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Covert Affairs – No Quarter

Covert Affairs has grown a lot in the show's short run. Last week I talked about how each episode has been getting better and in this week’s episode, No Quarter, the trend continues. This episode combines the nuances of international espionage and a story back home, in a way that allows both narratives to succeed.  

The story is divided between Annie abroad and the rest of our characters back at CIA headquarters. Annie is in a mission in Zurich that quickly spirals out of control and we once again find Annie lost and forced to fend for herself. The past couple weeks of growth are apparent and we believe that she can complete her mission because of her trials in the past. She teams up with fellow spy and this relationship becomes the crux of her character development in this episode. He is a veteran of the spy game and he provides Annie with the mentor role she has needed since the beginning of the show. His story become oddly touching and the episode touches upon the duality and loneliness that a spy must endure. Annie seems to like him and come to trust him.
The story back home revolves around Arthur and his anger about CIA leaks. No Quarter actually succeeded in making me care about the Arthur, Joan relationship. I know I have been critical in the past, but that was just because the relationship felt forced and hard to believe. Arthur comes off as both a hardened public figure and as a loving husband. However, he does go a little overboard trying to find the leak. A reporter seems to have too much information and Arthur is afraid that they could put some of his operatives in danger. We feel for Arthur because he doesn't seem to care about looking bad instead appears to genuinly care for other people's safety.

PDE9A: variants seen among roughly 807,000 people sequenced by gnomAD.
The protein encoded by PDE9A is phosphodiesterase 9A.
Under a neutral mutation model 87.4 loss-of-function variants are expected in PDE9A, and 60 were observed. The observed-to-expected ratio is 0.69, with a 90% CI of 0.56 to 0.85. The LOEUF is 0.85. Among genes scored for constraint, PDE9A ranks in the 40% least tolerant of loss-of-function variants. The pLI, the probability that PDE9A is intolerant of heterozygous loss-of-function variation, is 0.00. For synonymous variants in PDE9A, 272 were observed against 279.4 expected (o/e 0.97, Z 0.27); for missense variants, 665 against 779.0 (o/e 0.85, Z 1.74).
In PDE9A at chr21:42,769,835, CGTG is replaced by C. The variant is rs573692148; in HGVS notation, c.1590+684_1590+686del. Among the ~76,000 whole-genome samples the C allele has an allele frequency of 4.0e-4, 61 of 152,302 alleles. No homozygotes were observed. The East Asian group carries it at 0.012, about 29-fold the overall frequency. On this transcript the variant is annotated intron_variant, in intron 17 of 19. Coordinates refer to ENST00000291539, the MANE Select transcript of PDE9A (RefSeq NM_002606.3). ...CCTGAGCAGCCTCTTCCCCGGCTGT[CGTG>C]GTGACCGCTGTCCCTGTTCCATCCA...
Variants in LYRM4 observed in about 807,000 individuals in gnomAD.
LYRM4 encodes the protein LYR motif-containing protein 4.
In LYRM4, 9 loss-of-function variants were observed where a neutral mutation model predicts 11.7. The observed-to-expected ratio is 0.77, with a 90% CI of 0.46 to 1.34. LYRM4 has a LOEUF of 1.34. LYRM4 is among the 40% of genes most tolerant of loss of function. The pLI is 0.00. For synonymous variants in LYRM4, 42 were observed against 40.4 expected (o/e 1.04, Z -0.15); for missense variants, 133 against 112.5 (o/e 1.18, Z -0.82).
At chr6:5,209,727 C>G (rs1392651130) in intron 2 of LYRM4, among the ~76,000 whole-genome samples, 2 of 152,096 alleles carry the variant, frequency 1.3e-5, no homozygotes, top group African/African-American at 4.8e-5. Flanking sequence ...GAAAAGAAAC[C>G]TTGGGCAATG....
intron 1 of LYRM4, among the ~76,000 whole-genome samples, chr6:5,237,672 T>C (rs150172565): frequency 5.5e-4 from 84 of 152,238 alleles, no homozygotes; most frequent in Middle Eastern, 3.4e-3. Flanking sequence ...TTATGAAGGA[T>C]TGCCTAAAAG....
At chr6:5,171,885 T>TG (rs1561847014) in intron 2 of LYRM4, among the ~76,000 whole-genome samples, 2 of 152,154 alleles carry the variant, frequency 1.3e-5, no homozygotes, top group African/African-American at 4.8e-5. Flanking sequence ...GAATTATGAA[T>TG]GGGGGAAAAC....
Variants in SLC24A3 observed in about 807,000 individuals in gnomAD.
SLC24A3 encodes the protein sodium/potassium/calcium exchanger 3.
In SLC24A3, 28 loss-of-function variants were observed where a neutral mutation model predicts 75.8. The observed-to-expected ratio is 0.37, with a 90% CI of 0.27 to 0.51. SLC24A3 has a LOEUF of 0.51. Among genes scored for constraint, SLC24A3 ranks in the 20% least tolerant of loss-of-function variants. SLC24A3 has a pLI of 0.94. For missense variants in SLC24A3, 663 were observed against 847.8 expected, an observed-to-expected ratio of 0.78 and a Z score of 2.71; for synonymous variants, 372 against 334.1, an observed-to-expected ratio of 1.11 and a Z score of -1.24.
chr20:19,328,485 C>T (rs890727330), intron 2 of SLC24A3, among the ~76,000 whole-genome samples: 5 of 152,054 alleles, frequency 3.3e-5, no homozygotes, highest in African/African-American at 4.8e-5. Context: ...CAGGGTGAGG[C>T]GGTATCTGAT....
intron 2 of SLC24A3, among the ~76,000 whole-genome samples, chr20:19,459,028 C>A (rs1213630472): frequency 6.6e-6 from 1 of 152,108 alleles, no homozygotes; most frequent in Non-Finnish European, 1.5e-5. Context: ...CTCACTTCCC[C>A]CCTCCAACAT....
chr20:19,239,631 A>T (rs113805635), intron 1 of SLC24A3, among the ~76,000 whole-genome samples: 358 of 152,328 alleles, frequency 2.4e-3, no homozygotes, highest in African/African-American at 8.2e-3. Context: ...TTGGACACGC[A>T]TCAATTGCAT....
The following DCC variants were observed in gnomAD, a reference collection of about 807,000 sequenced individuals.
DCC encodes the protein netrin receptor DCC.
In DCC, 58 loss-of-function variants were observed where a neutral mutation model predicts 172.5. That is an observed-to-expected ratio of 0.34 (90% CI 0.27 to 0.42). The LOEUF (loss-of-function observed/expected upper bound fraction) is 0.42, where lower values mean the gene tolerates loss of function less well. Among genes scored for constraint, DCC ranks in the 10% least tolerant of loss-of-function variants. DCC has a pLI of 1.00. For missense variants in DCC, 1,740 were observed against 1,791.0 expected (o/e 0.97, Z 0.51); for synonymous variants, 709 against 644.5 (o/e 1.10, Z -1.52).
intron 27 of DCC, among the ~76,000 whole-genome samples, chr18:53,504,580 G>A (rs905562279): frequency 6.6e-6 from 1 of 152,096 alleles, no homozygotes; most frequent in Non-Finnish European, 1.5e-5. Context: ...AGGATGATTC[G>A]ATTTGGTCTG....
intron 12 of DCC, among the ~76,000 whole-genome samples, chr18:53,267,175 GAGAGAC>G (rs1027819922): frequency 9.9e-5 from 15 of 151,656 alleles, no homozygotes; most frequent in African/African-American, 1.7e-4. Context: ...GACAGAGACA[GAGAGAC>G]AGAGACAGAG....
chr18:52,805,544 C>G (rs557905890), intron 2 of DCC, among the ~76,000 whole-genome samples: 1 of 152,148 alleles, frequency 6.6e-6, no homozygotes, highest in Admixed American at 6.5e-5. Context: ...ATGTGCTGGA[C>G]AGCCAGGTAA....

Arthur forces all staff to undergo a Polygraph test in order to find the leak. This causes one of the most interesting dynamics of the episode. Auggie is forced to undergo the lie detector test and because of this he cannot help Annie, who has come to rely on Auggie in almost every situation. Auggie is the most likable and endearing character on the show, so we tend to think of them as a team. Taking Auggie away from Annie forced her to take care of the situation on her own. Without Auggie in her ear telling her what to do, she had to trust in her training to complete the mission and stay alive. I am not saying that I want Auggie taken away every week, but in this case it works because Annie really grows as a character as a result.

Overall the episode was good. As I mentioned before, they seemed to be increasing in quality every week. The show is really coming into its own. While not perfect, it is still an interesting hour of television and shows promising potential. 



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